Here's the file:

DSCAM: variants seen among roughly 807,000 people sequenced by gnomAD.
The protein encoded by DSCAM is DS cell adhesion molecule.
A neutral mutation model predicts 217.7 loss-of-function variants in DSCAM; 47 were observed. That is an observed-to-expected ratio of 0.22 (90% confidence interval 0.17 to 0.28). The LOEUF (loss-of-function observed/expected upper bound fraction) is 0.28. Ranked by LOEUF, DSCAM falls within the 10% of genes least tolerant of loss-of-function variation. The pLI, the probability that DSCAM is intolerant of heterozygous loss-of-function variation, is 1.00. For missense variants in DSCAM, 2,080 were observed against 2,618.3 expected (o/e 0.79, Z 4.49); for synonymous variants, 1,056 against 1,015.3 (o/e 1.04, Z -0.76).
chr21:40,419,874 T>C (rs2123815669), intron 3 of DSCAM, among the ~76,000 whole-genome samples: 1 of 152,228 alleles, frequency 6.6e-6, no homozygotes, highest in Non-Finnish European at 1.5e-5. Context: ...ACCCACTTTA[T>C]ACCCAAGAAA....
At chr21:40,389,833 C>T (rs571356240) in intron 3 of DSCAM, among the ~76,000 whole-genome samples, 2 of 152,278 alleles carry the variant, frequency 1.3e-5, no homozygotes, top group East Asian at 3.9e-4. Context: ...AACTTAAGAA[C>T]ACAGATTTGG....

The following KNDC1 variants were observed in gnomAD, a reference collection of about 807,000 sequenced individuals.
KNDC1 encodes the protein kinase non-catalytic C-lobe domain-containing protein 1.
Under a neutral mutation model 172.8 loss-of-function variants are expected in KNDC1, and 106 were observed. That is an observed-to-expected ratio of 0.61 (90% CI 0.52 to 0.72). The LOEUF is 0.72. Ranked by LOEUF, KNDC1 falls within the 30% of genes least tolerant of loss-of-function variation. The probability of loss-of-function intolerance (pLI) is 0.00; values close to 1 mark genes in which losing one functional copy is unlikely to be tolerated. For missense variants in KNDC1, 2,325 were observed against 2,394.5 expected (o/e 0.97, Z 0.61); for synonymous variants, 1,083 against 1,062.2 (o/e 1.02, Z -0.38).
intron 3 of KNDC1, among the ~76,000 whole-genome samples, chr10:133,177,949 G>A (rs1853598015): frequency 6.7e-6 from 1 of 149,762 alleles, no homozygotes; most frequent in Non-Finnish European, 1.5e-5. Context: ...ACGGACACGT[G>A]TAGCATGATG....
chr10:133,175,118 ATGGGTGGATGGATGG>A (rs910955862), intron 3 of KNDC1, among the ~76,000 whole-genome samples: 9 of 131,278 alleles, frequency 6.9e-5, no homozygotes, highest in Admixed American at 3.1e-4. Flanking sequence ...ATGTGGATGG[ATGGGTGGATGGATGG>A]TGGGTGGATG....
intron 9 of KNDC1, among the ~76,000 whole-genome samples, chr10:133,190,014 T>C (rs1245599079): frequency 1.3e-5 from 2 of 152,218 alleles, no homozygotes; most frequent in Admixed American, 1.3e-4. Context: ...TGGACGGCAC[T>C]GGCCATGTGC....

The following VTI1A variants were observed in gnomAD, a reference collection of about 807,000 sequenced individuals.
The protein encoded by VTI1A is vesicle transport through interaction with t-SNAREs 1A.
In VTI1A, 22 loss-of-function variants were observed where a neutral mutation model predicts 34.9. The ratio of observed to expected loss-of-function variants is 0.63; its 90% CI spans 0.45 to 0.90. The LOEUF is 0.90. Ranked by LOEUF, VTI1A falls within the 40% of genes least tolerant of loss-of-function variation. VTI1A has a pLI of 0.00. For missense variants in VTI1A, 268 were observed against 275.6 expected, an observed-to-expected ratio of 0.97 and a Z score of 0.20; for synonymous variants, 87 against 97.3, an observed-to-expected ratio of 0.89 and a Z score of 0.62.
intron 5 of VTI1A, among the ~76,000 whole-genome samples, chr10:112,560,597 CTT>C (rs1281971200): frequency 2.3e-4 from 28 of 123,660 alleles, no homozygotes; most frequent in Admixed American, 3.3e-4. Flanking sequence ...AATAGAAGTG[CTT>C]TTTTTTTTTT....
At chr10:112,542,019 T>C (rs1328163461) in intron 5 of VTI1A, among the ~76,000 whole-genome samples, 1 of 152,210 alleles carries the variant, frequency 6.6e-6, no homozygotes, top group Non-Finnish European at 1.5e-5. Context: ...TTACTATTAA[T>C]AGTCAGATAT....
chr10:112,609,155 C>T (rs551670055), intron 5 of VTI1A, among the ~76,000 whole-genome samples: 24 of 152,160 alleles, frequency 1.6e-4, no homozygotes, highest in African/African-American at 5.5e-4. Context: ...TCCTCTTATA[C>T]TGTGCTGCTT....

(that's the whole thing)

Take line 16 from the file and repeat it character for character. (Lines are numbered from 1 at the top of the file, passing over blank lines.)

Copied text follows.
At chr10:112,542,019 T>C (rs1328163461) in intron 5 of VTI1A, among the ~76,000 whole-genome samples, 1 of 152,210 alleles carries the variant, frequency 6.6e-6, no homozygotes, top group Non-Finnish European at 1.5e-5. Context: ...TTACTATTAA[T>C]AGTCAGATAT....